This is great! I love reading about everyone's experiences with machines and their personal preferences. I've had a simple Viking that I've had for over 20 yrs. and I've loved it and only needed to have it serviced once...and all my sewing repair guy had to do was put a piece of felt on the base of the thread spool holder to keep the thread spool from spinning too quickly. It's foot pedal just recently went kaput though, so it's out of commission until I get that replaced, which makes me sad. I think the Vikings are good machines. My repair guy says that's because they have all metal parts, unlike most of the machines today which have mostly plastic parts that wear out or brake easily. It seems all the women in my family have always had problems with Brother machines so I stay away from those. I've heard only good about Janome and I think they can be fairly reasonable. My 11yr. old daughter has her eye on a Janome that she wants "so badly", ha! I have a vintage Kenmore which I absolutely love, all metal parts in this one too, and is also a workhorse which I need since I sew a LOT. Like the other comments, knowing what you're using it for and how often you will be using it, will help determine what machine you want to buy.

I'm curious about the Pfaff machines. These machines have come highly recommended to me, but it seems that they can also be "temperamental" as someone here put it. Is this typical of all Pfaff's, or is it just a fluke with some machines?
Comment by Marilyn Macrae on July 23, 2009 at 1:05pm
Did you know that you can go into most sewing stores and buy beautiful refurbished machines for half the price. They don't always have them out because they want to sell the high priced but as you start walking out the door ask either for a discount, ( I received 200 off a 1600 Janome for my sister) or if they have any refurbished or trade-ins... A lot of people like to trade in perfectly good machine just too upgrade.. I just bought the Janome 350e that came with embroidery designs. I told them I wasn't interested but could they do better on the price and they did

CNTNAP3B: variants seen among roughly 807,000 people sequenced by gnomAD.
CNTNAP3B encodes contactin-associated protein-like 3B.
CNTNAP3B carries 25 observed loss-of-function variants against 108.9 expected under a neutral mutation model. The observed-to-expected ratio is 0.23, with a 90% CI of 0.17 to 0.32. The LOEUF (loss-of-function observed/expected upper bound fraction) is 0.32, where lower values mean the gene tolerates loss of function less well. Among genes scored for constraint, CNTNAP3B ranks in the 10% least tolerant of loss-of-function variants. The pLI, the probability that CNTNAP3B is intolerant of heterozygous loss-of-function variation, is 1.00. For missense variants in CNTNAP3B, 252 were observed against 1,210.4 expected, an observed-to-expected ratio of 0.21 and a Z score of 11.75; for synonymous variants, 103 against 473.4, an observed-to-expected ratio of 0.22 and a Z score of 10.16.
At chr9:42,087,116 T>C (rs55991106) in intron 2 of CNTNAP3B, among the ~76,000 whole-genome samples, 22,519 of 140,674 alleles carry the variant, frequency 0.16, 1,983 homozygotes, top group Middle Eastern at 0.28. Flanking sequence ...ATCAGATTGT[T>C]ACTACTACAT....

Comment by Mary Ellen Edwards on July 23, 2009 at 12:28pm
Yes I too am going to have to jump in here and put in my 2 cents. I agree you should look at all the features available and decide on the ones that are most essential. Nowadays many of the basic machines come with a variety of stitch options. I also agree that you need to buy it from a store that offers lessons and follow-up classes and on site repair. That leaves out the discount, big box and online purchases which in the long run do not save you any money or time. Another little caveat is that now Pfaff, Viking and Singer are all one company. I own one of each all of varying age. My Pfaff is atop of the line computer embroidery machine and is more temperamental than a teenage girl! You are smart to choose a machine that serves your needs best and by pass all the bells and whistles until you are more experienced and ready to deal with the complexities of them. Good luck and happy stitching!
Comment by Savta Klavta on July 23, 2009 at 11:44am
I had a simple cheap Singer since 1980, and it's still in fairly good shape. Last year I decided to upgrade, went to every sewing shop in town and tested every machine, Including Baby Lock, Jenome and Pfaff. Also checked on-line reviews at http://sewing.patternreview.com/SewingMachine/. This site covers every machine under the sun. Once I knew what functions are available, made a list of functions which I had to have. I think it's very important to buy from a shop which would be able to answer you future questions and service your machine, but this might be impossible with a $200 machine. Then you'll have to keep it free of lint, use the right size needles, and oil it (only the ones which require oiling).

I decided to buy a Pfaff on 1/2 price sale, which was still way over $200. It's a dream compared to my old Singer, but I still am very careful about the right needles, tension, no lint, etc.
Comment by GrannyPatti on July 23, 2009 at 10:43am
We got a Kenmore that was made by Janome for my d-i-l. She has been very happy with it
Comment by Ann Hirsch on July 23, 2009 at 10:39am
I agree with Nancy the basic Pfaff's are the workhorses of the industry. I have a fancy Viking now but still use my Pfaff for any heavy duty sewing. It is a very durable machine and for basic sewing I prefer it to the Viking. Good luck!